1911 Encyclopædia Britannica/Laval
LAVAL, a town of north-western France, capital of the department of Mayenne, on the Mayenne river, 188 m. W.S.W. of Paris by rail. Pop. (1906) 24,874. On the right bank of the river stands the old feudal city, with its ancient castle and its irregularly built houses whose slate roofs and pointed gables peep from the groves of trees which clothe the hill. On the left bank the regularly built new town extends far into the plain. The river, here 80 yds. broad, is crossed by the handsome railway viaduct, a beautiful stone bridge called Pont Neuf, and the Pont Vieux with three pointed arches, built in the 16th century. There is communication by steamer as far as Angers. Laval may justly claim to be one of the loveliest of French towns. Its most curious and interesting monument is the sombre old castle of the counts (now a prison) with a donjon of the 12th century, the roof of which presents a fine example of the timberwork superseded afterwards by stone machicolation. The “new castle,” dating partly from the Renaissance, serves as court-house. Laval possesses several churches of different periods: in that of the Trinity, which serves as the cathedral, the transept and nave are of the 12th century while the choir is of the 16th; St Vénérand (15th century) has good stained glass; Notre-Dame des Cordeliers, which dates from the end of the 14th century or the beginning of the 15th, has some fine marble altars. Half-a-mile below the Pont Vieux is the beautiful 12th-century church of Avenières, with an ornamental spire of 1534. The finest remaining relic of the ancient fortifications is the Beucheresse gate near the cathedral. The narrow streets around the castle are bordered by many old houses of the 15th and 16th century, chief among which is that known as the “Maison du Grand Veneur.” There are an art-museum, a museum of natural history and archaeology and a library. The town is embellished by fine promenades, at the entrance of one of which, facing the mairie, stands the statue of the celebrated surgeon Ambroise Paré (1517–1590). Laval is the seat of a prefect, a bishopric created in 1855, and a court of assizes, and has tribunals of first instance and of commerce, a chamber of commerce, a board of trade-arbitrators, training colleges, an ecclesiastical seminary and a lycée for boys. The principal industry of the town is the cloth manufacture, introduced from Flanders in the 14th century. The production of fabrics of linen, of cotton or of mixtures of both, occupies some 10,000 hands in the town and suburbs. Among the numerous other industries are metal-founding, flour-milling, tanning, dyeing, the making of boots and shoes, and the sawing of the marble quarried in the vicinity. There is trade in grain.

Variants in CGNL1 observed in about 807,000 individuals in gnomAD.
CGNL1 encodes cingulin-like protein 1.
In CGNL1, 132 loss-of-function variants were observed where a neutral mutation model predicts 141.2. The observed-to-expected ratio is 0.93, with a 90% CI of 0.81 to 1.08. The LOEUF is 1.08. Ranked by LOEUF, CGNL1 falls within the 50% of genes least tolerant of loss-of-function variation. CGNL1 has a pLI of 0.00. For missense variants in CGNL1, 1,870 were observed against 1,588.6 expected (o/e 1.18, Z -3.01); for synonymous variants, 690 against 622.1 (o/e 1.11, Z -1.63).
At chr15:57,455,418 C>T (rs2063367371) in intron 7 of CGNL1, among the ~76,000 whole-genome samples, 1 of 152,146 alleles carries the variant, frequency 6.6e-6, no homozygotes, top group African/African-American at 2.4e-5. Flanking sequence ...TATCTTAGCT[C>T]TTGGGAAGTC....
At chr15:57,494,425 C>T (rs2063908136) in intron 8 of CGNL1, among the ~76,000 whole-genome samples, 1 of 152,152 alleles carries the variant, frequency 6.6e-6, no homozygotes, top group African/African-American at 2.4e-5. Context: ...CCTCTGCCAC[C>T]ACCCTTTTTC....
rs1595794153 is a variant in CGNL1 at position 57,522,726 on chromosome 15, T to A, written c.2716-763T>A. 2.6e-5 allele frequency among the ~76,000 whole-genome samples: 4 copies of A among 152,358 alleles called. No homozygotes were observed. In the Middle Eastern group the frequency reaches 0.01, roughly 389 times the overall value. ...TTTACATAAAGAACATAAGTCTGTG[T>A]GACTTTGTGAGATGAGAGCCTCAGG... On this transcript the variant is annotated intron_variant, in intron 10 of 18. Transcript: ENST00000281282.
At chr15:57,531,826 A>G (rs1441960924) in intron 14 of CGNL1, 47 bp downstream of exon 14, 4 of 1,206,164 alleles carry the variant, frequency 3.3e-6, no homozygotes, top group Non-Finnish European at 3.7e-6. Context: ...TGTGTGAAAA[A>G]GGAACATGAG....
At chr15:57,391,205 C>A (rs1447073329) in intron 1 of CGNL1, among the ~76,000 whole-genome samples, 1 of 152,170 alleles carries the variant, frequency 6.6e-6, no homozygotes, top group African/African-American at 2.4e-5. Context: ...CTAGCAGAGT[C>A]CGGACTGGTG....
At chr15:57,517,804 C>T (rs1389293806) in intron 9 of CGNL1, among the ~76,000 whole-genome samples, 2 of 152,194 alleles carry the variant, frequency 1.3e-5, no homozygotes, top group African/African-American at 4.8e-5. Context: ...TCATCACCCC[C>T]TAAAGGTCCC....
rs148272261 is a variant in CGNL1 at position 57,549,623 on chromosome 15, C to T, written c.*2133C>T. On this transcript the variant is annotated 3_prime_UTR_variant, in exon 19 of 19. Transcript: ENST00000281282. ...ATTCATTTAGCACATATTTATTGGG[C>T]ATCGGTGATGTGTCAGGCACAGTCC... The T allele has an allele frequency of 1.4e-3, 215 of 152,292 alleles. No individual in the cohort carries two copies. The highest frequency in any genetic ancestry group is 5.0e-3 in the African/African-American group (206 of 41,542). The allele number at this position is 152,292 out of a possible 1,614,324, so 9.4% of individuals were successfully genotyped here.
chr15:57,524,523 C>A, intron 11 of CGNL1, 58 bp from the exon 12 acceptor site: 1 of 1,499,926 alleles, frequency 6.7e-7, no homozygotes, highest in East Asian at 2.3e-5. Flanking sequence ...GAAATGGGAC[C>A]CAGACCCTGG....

Laval is not known to have existed before the 9th century. It was taken by John Talbot, earl of Shrewsbury, in 1428, changed hands several times during the wars of the League, and played an important part at the end of the 18th century in the war of La Vendée.
Seigneurs and Counts of Laval. The castle of Laval was founded at the beginning of the 11th century by a lord of the name of Guy, and remained in the possession of his male descendants until the 13th century. In 1218 the lordship passed to the house of Montmorency by the marriage of Emma, daughter of Guy VI. of Laval, to Mathieu de Montmorency, the hero of the battle of Bouvines. Of this union was born Guy VII. seigneur of Laval, the ancestor of the second house of Laval. Anne of Laval (d. 1466), the heiress of the second family, married John de Montfort, who took the name of Guy (XIII.) of Laval. At Charles VII.’s coronation (1429) Guy XIV., who was afterwards son-in-law of John V., duke of Brittany, and father-in-law of King René of Anjou, was created count of Laval, and the countship remained in the possession of Guy’s male descendants until 1547. After the Montforts, the countship of Laval passed by inheritance to the families of Rieux and Sainte Maure, to the Colignys, and finally to the La Trémoilles, who held it until the Revolution.
See Bertrand de Broussillon, La Maison de Laval (3 vols., 1895–1900).